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Tuesday, April 4


So What? As Long As They're Talking About You... General Motors launches a website where visitors can make their own ads for an SUV. Of course many of the ads ridicule the vehicle. Think GM's mad? Hardly. 'We're engaging consumers in this two-way discussion. It's creating buzz and people are learning about the product.' In just two weeks, more than 21,000 ads have been created. Visitors have emailed them to others 41,000 times. There have been 250,000 unique visitors to the site and over 2.4 million page views." Toronto Star 04/04/06
Posted: 04/04/2006 7:32 am

Think it? Write It "Brain-wave typing could become reality in just a few years. It would open up a world of communication with caregivers and loved ones for people disabled by ALS, cerebral palsy or high-level spinal-cord injuries. With little or no muscle control, communicating clearly, or even at all is difficult, if not impossible. Researchers in the brain-computer interface, or BCI, Group at New York State Public Health Department's Wadsworth Center are enrolling patients in trials of a system that could enable them to send e-mail and communicate using their brain waves." Wired 04/03/06
Posted: 04/03/2006 6:16 pm

Prehistoric - Teenage Boys And Their Graffiti Who drew most of the prehistoric cave paintings that have been discovered? Teen age boys. "The theory contradicts the idea that adult, tribal shaman spiritual leaders and healers produced virtually all cave art. It also explains why many of the images drawn in caves during the Pleistocene, between 10,000 and 35,000 years ago, somewhat mirror today's artwork and graffiti that are produced by adolescent males." Discovery 04/03/06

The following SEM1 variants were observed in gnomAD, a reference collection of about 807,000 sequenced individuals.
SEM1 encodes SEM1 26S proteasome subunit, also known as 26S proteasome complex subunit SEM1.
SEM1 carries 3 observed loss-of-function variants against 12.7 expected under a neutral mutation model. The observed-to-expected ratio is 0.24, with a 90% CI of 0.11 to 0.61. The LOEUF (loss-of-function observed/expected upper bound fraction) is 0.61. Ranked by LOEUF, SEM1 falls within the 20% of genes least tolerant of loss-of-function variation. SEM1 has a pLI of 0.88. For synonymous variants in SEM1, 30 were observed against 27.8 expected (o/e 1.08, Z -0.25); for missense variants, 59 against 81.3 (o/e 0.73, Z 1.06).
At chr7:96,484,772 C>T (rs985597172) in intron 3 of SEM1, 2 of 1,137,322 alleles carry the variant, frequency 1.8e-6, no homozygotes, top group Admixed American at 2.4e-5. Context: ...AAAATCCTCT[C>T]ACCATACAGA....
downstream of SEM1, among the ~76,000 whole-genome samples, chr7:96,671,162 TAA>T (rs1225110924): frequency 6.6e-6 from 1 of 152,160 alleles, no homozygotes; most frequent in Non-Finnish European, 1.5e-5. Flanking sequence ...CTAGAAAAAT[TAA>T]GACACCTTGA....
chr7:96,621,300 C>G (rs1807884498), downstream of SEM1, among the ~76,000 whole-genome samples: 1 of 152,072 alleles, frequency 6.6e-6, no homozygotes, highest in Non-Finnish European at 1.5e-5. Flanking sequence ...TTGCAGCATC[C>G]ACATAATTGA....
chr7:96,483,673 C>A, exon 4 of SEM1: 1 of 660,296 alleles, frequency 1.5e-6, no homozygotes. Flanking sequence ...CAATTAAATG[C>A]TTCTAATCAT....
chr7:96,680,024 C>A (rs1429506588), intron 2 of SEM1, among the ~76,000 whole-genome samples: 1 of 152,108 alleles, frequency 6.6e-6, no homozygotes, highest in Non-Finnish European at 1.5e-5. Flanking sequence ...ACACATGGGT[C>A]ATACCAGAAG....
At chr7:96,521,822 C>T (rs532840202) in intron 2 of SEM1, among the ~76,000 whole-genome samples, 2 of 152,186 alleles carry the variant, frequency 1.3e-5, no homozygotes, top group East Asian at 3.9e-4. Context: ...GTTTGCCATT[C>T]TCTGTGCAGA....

Posted: 04/03/2006 5:53 pm

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Aesthetic Competition Walker Art: Off Center Blog
Culture Clash Travel + Leisure, April 2006
William Safire And Art That's Good for You Washington Post 3/15/06
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Visual Arts

An Art Market - Can It Continue Its Winning Ways? The art market is humming. But can it continue winning? "In the art world, there’s a clear delineation between those who experienced the last crash, in the early nineties, and those who didn’t. 'This market is fueled by collectors who have never been through a correction,' says art adviser Darlene Lutz, active since the eighties. 'The generations who did are watching this with disbelief. It’s like teenagers who have unprotected sex thinking they’ll never get pregnant. And then, whoops . . . look what happened'!" New York Magazine 03/27/06
Posted: 04/03/2006 7:34 pm